4. Encourage an interdisciplinary approach. Because sustainability cannot be adequately addressed from within a single area of study, the workshops embrace the need for multiple perspectives and collaborative thinking—the very skills our students will need. In this sense, faculty are positioned as both experts and learners. Rather than assuming the instructor is the expert and the sole holder of knowledge, truly interdisciplinary perspectives and interaction across disciplines encourage faculty to embrace the usefulness of bringing together multiple forms and sources of knowledge. An example of the resulting curricular innovations is an agricultural economics course at the University of Idaho that examines ethical questions related to agriculture and natural resource use in the context of different legal frameworks.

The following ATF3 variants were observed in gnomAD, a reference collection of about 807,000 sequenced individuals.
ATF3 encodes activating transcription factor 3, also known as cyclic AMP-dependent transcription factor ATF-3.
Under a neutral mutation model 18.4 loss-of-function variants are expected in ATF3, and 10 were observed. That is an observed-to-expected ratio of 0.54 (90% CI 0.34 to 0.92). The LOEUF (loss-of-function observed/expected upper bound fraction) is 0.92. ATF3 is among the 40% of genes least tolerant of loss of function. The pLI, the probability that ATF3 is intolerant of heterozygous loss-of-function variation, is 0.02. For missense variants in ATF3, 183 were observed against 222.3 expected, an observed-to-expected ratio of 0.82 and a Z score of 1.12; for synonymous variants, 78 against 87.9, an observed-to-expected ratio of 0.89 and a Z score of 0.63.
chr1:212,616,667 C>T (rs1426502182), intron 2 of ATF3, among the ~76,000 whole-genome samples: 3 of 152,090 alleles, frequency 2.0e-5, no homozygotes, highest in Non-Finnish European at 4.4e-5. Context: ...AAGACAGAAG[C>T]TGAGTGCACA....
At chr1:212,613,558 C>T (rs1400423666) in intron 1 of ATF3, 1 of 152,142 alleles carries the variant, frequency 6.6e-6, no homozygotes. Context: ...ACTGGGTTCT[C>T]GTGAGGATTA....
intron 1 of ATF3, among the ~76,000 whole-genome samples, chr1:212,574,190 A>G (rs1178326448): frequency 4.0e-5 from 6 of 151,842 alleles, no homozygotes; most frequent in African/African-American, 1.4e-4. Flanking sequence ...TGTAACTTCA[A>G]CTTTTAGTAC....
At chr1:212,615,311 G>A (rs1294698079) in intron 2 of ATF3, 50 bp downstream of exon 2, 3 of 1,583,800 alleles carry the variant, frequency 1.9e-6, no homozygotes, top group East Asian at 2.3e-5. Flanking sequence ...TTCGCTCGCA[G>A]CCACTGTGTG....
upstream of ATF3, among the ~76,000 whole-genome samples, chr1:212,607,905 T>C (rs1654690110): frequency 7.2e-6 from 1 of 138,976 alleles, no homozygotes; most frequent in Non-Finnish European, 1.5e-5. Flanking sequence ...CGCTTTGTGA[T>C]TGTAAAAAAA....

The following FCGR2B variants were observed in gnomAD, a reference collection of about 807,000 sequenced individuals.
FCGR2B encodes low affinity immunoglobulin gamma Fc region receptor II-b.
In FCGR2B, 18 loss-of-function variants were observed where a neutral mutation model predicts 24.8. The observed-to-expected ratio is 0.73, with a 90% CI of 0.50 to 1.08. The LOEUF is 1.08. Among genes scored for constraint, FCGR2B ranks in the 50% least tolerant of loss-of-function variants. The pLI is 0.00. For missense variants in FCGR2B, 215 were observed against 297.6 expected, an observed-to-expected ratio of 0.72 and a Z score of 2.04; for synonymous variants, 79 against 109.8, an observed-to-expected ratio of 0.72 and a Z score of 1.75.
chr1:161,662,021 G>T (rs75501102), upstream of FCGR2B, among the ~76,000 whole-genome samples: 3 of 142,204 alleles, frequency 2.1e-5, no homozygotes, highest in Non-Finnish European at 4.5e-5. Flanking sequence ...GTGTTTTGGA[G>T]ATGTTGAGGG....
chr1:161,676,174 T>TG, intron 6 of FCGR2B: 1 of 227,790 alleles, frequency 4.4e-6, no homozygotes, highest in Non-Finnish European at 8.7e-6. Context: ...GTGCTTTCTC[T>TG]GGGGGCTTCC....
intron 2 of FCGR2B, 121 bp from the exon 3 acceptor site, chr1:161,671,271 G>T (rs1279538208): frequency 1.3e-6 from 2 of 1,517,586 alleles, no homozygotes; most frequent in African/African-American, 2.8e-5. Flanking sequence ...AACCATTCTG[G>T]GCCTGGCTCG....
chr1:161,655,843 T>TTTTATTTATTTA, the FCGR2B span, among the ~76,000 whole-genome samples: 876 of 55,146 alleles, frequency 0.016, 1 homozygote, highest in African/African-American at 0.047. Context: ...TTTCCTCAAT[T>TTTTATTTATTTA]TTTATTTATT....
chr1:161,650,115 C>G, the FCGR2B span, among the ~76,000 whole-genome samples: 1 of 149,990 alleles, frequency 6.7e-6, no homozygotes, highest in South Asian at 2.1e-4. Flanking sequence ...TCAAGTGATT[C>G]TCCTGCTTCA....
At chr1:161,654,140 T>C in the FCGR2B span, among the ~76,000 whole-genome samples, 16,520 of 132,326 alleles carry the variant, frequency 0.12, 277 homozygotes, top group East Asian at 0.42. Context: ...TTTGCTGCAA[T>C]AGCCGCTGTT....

While sustainability challenges demand broad linkage among issues and can lead to creative approaches, they can also createsome discomfort for faculty who want to have all the answers before they go into the classroom. Education for sustainability often requires that faculty extend their interests into new areas,which can be both rewarding and somewhat disconcerting. A willingness to step outside the “expert” role, into a stance of co-learner with students, is a disposition that must be nurtured and rewarded. Said one faculty member, “One of the best benefits I’ve seen in Piedmont Project is that it provides a forum for people to talk and learn without needing to be ‘the expert.’ It’s a place to actually be safely curious.” Paradoxically, when teachers give up a slice of the expert role, it can support leaps of learning—for both students and faculty.